A proposal to establish Electoral Colleges for Bonaire, St. Eustatius and Saba will be ready before the summer of 2015, Dutch Minister of Home Affairs and Kingdom Relations Ronald Plasterk told the Second Chamber of the Dutch Parliament on Tuesday. This reports The Daily Herald.
A vast majority in the Second Chamber is in favour of establishing the Electoral College(s) for the Caribbean Netherlands, which became clear during a debate of the Second Chamber’s Permanent Committee for Home Affairs with Minister Plasterk. All parties present, VVD, PvdA, SP, D66 and ChristianUnion expressed support.
Both Parliament and Plasterk want to approach the issue of establishing an Electoral College (Kiescollege) in the most practical way possible. “Let’s create three separate Electoral Colleges to reduce cost and limit travelling,” said member of the Second Chamber Ronald van Raak of the Socialist Party (SP).Van Raak said that the dilemma of securing the voting rights for Caribbean Netherlands residents could only be solved by setting up Electoral Colleges for the islands. He called for a practical solution whereby all residents, those with the Dutch nationality and foreign nationals, would receive one ballot for the Island Council, while Dutch nationals would receive a vote for the members of the First Chamber of the Dutch Parliament, the Senate. Establishing one central Electoral College for all three islands was not deemed ideal because of the geographical distance between Bonaire and St. Eustatius, Saba, and the fact that the political systems between the islands was different. There is a possibility that St. Eustatius and Saba will have a combined Electoral College, which would be even more practical and cost-effective.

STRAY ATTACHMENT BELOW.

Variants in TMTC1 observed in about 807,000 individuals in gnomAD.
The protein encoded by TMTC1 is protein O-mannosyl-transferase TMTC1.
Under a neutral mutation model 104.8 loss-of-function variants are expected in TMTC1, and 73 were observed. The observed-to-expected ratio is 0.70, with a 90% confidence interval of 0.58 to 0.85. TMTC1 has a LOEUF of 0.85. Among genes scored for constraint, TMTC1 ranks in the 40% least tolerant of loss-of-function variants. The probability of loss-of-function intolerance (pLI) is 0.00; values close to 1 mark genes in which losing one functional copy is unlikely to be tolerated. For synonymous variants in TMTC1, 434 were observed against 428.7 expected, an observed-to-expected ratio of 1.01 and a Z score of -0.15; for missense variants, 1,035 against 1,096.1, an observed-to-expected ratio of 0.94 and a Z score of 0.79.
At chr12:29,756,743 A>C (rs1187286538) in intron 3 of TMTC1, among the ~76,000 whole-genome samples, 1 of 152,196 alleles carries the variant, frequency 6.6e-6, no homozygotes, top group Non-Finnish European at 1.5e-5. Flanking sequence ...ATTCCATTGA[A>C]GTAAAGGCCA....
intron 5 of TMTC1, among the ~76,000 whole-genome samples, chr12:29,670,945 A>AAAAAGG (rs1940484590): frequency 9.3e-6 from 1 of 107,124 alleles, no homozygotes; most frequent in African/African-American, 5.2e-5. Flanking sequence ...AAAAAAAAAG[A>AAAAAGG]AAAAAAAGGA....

Member of Parliament (MP) Wassila Hachchi of the Democratic Party D66 announced that she contemplated submitting a motion next Tuesday, to urge Minister Plasterk to make haste with the Electoral College(s) for the Caribbean Netherlands. “The minister can get to work so we can have this arranged before the next elections in 2019. This motion would give off a clear signal that the Second Chamber supports an Electoral College,” she said.
Plasterk said a motion was not necessary since a proposal for consultation to establish the Electoral College(s) would be ready before the summer. Consultations on the proposal will take place with Bonaire, St. Eustatius and Saba since they will also have a say in this matter. The Electoral College(s) have to be created through an amendment of the Dutch Constitution. An adapted law proposal will be needed since the Second Chamber has already approved a proposal to adapt the Constitution in order to secure the voting rights of residents of the Caribbean Netherlands, and to adopt the special public entity status of the three islands.
The First Chamber has decided to defer the handling of a law proposal to regulate the voting rights on the islands until Minister Plasterk and the Second Chamber have looked at the possibilities of an Electoral College for the Caribbean Netherlands.
MP Gert Jan Segers of the ChristianUnion, who was also present at Tuesday’s debate, accused Plasterk in a press release of waiting too long to secure the democratic rights of residents of the Caribbean Netherlands. “The votes on Bonaire, St. Eustatius and Saba need to be taken along post-haste in the elections for the First Chamber. We need to have equal rights for all citizens of our country. On Wednesday, 20,000 people are again excluded. This needs to change for the next elections in 2019,” he stated.
MP Joost Taverne, of the liberal democratic VVD party, said during the debate that he supported an Electoral College for the Caribbean Netherlands, but he also put a proposal on the table to establish a similar body for the one million or so Dutch nationals living abroad. He said his intention was not to have the Caribbean Netherlands Electoral College wait on the establishing of an Electoral College for Dutch citizens abroad.An Electoral College for Dutch citizens abroad was a highly current topic, said Taverne as the Senate has attained a more political attitude. “People are asking me why they can’t vote for the First Chamber. It is a legitimate question. It concerns an important, large group of voters. I would like the minister to be a bit more enthusiastic and proactive on this issue,” he said.
Minister Plasterk explained that an Electoral College for Dutch nationals abroad was a “totally different” discussion. Establishing this body would require a fundamental debate on the election of the First Chamber. He also said that he did not have the mandate of the current cabinet to arrange voting rights for Dutch nationals abroad. He emphasized that it was important to separate this issue from the Caribbean Netherlands Electoral College.